New Jersey Gov. Thomas H. Kean met privately late today with Nicholas F. Brady, but refused to confirm or deny that Brady is his choice to fill the U.S. Senate vacancy created by the resignation of Harrison A. Williams Jr.
If appointed, Brady, 52, the chief executive officer of Dillon Read & Co., the New York investment firm, would take the Senate appointment only as a caretaker, according to Republican officials.
Kean could name the winner of the Senate race to replace Brady right after the November election, which would give him or her about two months' seniority over the other newly elected freshmen.
Carl Golden, Kean's press officer, not only declined to confirm or deny reports of Brady's appointment but warned that anyone who said the appointment has been decided "risks getting egg on his face."
However, Vice President Bush, through a spokesman, confirmed that he and Brady had discussed the Senate appointment.
Brady was co-chairman of the Bush For President committee during the 1980 New Jersey GOP primary.
Golden would not say where the Kean-Brady meeting was held other than at "an undisclosed location in northern New Jersey."
Kean declined to name either of the two leading candidates for the Republican Senate nomination in the June 8 primary--Rep. Millicent Fenwick and Jeffrey Bell to the Williams seat. Bell, who lost to Sen. Bill Bradley (D) in the 1978 Senate race, admitted this week that he is trailing Mrs. Fenwick by 2 to 1 in his own polls.
Both Mrs. Fenwick and Bell praised Brady, declaring that he would make an excellent choice.
Brady and Mrs. Fenwick both live near Far Hills, one of the wealthiest residential areas of the state. They are long-time family friends.
Williams, convicted a year ago in the Abscam scandal, resigned last month to avoid a Senate vote that almost certainly would have expelled him. Although Kean was aware for months that Williams was certain to be forced out of the Senate, he waited until Williams' resignation and then consulted with at least 100 Republican leaders throughout the state.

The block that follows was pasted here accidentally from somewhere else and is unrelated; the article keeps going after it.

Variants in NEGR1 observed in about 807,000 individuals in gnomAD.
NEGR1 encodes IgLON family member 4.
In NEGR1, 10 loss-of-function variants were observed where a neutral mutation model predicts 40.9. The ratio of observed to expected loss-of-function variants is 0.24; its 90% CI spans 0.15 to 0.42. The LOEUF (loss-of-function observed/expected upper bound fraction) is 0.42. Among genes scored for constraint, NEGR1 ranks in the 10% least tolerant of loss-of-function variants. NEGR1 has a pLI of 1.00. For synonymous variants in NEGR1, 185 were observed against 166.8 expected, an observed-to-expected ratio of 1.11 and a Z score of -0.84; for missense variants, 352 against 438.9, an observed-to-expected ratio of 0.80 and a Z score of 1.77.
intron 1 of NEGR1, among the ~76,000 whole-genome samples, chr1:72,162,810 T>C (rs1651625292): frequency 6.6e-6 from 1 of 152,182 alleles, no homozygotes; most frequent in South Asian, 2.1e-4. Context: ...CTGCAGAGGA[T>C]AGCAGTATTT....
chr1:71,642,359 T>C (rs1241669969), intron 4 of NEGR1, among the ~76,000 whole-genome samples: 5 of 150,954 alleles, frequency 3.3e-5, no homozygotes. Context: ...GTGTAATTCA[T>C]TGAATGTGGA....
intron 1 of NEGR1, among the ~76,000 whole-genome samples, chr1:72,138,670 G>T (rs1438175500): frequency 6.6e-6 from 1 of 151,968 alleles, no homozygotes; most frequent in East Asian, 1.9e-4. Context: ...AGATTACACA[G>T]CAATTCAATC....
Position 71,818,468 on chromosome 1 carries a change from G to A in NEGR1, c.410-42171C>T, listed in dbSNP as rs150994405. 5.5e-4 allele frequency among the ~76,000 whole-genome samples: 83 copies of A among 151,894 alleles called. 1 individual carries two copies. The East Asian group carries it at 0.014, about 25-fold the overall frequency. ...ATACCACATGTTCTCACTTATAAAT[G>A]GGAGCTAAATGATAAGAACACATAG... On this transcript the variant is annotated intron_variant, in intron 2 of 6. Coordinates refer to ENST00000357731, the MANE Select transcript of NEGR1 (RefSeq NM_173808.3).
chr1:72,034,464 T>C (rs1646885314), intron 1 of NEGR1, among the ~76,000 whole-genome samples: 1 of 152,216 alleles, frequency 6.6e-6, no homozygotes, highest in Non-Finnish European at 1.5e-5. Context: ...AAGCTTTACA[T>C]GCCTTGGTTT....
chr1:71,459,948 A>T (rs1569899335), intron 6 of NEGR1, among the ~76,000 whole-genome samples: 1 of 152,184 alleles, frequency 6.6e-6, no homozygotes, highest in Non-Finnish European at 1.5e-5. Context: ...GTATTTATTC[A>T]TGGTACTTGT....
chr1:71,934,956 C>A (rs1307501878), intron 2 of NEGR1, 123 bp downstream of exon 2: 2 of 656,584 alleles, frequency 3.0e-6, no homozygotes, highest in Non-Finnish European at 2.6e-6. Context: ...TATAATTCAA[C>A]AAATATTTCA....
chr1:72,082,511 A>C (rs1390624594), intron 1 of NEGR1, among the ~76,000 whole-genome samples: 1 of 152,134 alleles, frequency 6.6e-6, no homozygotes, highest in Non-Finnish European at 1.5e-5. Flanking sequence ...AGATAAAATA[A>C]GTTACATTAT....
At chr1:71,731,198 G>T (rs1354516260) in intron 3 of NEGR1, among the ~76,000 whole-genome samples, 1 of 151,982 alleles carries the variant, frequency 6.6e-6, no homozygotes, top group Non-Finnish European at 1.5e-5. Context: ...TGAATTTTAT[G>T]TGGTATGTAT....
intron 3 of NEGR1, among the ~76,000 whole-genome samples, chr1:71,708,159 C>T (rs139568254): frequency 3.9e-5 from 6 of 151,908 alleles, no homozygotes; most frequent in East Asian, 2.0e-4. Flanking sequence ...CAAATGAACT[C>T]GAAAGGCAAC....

By selecting a caretaker, Kean would avoid splitting the conservative (Bell) and moderate (Mrs. Fenwick) wings of the state Republican party.
Kean, long considered a moderate Republican, embraced President Reagan and much of his supply side rhetoric in his election campaign last year.
Brady is a fourth generation Irish-American. His great-grandfather, Anthony Nicholas Brady, came to New Jersey from Ireland during the famines of the 1880s.
But he became wealthy thanks to his involvement in some early electrical inventions. He helped form several small electrical companies in Albany and Brooklyn that eventually became Consolidated Edison.
His son, James Cox Brady, branched out into auto manufacturing and horse racing--the Hamilton Farms and the Maxwell Company--which produced the classic automobile, the Maxwell.
Chrysler Corp. bought out the Maxwell firm but Brady helped back a group of Chrysler engineers who formed the Purolator Corp.
The next son, James Cox Brady Jr., went into investment banking. After graduating from Yale University and Harvard Law School, the current Brady joined the Dillon Read investment firm.
By 1961, Brady was vice president of the firm. In 1970 he was credited with reorganizing and revitalizing the company by expanding its operations.